As we all sit riveted and terrified by the current political crises--domestic terrorists attacking the Capitol, incited by a sitting president, with numerous members of Congress themselves both supporting the lies that incited the terrorists and even being part of the hate groups and facilitating harm against their colleagues--I think of this idea that elections are supposedly accountability moments. Especially when what brought us to this moment is that the terrorists and their enablers want to ignore the election.
“Instead of moving forward as a unifying force, the majority in the House is choosing to divide us further... Let us look forward, not backward. Let us come together, not apart. Let us celebrate the peaceful transition of power to a new president rather than impeaching an old president.” ~ Rep. Tom Cole (R).
"Last week, I hid in an office for hours, terrified to open the door because I did not know if a rioter was on the other side ready to attack, kidnap, or murder me ... they were radicalized by the president ... Donald Trump must be held accountable." ~Rep. Judy Chu (D)
Of course, I don’t want anyone to make this analogy. Because the situations are not analogous. But I need to be prepared to engage with my students in this moment about how and why the situations aren’t the same.
That’s a bare outline of the events that led to the Amnesty. Needless to say, it was a horror show. The idea behind the Amnesty, therefore, was that the crimes committed were so pervasive, that so many people (whether through active participation or passive complicity) were implicated, there was no way society could move forward. There would be no way to move past, they thought, the continual use of the courts by people to exact revenge for crimes committed against them or by people who were silently complicit who might use the system to enrich themselves by laying false claims. There was too much death, too much exploitation, too much harm. They thought the only way forward was to wipe the slate clean.
This, in effect, is what Republican lawmakers and many “centrist” pundits and people who write and talk all the time and get paid for it for reasons that escape me, are asking for--a clean slate for themselves and even for the President who incited it. Fine, prosecute the people who did the actual storming, the terrorists themselves, they say, but not the leaders who pushed them, paid them, encouraged them, egged them on to do it. But this is exactly what the Athenian amnesty was not.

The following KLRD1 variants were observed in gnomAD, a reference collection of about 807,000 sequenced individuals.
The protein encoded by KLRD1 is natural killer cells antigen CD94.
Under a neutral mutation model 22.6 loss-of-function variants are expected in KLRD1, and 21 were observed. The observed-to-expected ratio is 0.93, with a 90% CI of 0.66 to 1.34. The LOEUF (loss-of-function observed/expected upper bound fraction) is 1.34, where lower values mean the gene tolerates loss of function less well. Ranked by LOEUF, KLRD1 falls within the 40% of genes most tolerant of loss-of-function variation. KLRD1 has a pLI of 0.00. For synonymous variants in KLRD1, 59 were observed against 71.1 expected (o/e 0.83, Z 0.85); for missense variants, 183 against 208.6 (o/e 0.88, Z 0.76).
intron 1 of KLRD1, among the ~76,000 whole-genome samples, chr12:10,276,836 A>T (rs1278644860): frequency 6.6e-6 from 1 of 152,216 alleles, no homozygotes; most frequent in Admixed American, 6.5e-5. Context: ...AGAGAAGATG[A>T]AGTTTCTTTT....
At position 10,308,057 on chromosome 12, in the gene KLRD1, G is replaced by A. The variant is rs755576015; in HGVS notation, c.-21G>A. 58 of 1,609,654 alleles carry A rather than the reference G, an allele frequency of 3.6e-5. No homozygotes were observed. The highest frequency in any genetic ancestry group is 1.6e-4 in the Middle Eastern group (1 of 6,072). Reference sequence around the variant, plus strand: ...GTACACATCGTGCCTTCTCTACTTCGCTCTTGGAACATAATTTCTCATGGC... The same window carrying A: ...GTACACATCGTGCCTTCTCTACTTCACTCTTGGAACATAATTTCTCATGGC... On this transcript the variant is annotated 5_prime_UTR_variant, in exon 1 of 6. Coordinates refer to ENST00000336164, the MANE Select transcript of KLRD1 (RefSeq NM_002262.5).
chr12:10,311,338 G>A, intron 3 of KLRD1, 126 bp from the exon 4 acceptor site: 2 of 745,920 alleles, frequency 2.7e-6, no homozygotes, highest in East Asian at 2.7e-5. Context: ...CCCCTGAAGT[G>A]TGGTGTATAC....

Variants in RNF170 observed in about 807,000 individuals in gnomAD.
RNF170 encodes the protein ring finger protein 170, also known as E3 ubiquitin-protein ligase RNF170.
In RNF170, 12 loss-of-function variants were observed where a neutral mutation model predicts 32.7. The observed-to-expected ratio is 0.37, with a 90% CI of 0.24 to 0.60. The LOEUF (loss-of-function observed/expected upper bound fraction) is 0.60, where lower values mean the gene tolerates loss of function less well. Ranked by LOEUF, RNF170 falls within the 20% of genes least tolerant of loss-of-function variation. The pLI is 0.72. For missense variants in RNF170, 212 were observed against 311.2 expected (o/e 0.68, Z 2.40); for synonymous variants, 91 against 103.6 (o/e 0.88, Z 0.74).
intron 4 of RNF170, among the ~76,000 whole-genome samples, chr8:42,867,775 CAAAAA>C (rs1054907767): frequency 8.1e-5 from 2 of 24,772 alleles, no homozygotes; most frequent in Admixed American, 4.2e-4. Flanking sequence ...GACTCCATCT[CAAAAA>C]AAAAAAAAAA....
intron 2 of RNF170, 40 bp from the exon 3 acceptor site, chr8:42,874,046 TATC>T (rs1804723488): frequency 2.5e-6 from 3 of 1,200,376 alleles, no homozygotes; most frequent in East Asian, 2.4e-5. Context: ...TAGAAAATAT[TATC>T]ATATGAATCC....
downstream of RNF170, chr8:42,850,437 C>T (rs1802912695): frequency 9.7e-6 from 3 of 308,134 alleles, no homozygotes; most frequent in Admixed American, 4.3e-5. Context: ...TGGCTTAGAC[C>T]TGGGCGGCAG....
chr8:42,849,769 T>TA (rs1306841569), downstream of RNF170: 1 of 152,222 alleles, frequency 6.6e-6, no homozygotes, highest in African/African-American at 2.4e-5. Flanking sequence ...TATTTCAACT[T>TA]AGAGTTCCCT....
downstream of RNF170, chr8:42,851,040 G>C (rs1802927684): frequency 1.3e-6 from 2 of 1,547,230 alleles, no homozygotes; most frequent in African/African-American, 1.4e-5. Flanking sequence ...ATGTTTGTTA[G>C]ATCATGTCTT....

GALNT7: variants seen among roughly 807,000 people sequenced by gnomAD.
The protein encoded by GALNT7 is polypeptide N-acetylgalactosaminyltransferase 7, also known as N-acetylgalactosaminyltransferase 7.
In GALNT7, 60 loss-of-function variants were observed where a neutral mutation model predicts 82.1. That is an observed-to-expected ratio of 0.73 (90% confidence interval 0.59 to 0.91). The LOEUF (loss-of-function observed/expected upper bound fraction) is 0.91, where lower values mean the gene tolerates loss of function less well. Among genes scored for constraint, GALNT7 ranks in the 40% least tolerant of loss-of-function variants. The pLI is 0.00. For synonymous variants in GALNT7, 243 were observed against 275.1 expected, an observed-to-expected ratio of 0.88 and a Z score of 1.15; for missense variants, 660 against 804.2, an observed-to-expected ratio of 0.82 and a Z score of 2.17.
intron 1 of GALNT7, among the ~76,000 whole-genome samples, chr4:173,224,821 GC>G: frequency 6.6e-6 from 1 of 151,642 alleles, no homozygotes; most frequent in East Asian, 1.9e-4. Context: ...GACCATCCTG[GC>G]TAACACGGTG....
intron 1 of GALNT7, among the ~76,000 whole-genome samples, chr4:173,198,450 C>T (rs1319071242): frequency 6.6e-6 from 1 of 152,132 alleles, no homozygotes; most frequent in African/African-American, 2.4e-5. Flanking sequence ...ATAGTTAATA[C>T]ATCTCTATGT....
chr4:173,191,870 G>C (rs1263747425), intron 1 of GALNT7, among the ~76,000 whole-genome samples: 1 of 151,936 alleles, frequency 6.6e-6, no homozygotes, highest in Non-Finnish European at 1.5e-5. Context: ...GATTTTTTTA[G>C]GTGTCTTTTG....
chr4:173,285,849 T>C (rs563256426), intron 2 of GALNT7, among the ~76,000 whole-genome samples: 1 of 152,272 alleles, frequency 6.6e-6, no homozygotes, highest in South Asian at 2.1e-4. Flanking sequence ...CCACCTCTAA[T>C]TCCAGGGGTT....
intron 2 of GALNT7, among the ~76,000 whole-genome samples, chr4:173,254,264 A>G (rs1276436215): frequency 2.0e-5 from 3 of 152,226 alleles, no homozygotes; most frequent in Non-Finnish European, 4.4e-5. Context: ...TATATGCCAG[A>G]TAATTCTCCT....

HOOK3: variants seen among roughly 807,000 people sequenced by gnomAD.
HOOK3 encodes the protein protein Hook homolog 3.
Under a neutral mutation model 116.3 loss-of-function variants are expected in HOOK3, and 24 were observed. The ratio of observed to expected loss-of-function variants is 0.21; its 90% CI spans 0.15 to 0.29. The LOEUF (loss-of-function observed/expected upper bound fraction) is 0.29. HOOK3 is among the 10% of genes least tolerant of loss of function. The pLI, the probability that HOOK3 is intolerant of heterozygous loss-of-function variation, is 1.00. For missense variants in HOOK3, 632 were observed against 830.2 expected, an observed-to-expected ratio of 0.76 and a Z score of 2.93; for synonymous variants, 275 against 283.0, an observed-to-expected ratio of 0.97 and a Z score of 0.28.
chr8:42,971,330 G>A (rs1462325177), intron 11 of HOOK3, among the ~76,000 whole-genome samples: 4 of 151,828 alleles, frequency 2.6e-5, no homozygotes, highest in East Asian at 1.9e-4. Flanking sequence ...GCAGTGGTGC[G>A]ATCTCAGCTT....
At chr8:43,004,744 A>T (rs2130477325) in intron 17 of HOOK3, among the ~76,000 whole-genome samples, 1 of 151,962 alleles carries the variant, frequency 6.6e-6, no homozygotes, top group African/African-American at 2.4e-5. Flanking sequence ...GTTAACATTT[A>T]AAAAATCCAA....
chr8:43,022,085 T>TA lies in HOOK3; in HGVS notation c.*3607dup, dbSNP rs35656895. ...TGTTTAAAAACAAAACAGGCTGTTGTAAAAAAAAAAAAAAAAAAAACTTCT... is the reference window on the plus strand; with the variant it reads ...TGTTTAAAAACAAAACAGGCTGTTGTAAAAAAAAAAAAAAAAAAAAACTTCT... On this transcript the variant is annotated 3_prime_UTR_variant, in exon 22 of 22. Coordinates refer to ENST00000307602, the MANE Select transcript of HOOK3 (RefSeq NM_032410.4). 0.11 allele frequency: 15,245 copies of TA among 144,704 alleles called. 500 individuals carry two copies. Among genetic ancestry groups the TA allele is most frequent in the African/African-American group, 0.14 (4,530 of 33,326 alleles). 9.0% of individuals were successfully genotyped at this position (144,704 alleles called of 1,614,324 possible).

Under the Amnesty, you see, there was accountability. It wasn’t a clean slate. Any of the Thirty who had not died in the battle for Athens had to stand trial and make an accounting for their action if they wanted to return to Athens. They had to face justice. So did the so called “Eleven” who were set to control the Piraeus, Athens’ port, under the leadership of the Thirty. It was, in essence, a true accountability moment for the political leadership that incited the mobs to kill their fellow Athenians and neighbors. The political leaders who sent them and incited them and benefited from the actions of those they manipulated, encouraged, paid, egged on to crimes--they were the one the Amnesty held responsible.
We are not in a moment that calls for amnesty. We are in a moment that calls for accountability. Those who led the mobs of terrorists and rioters to the Capitol, those who supported the fantasy of Trump’s lies, those who continue to do so and say we should move on by forgetting the past and looking forward, they want this because they do not want to be accountable for their own actions or words. They aren’t leaders. Leaders are responsible for what they do.These are leeches on society, cowards, and, exploiters. If there is anything to learn from Athens and the Amnesty it is that unity and forgetting can only come after the politicians and leaders who led people down these paths are held to account. And the only mechanisms we have for this are impeachment, expulsion from Congress, and, in some cases, criminal prosecution.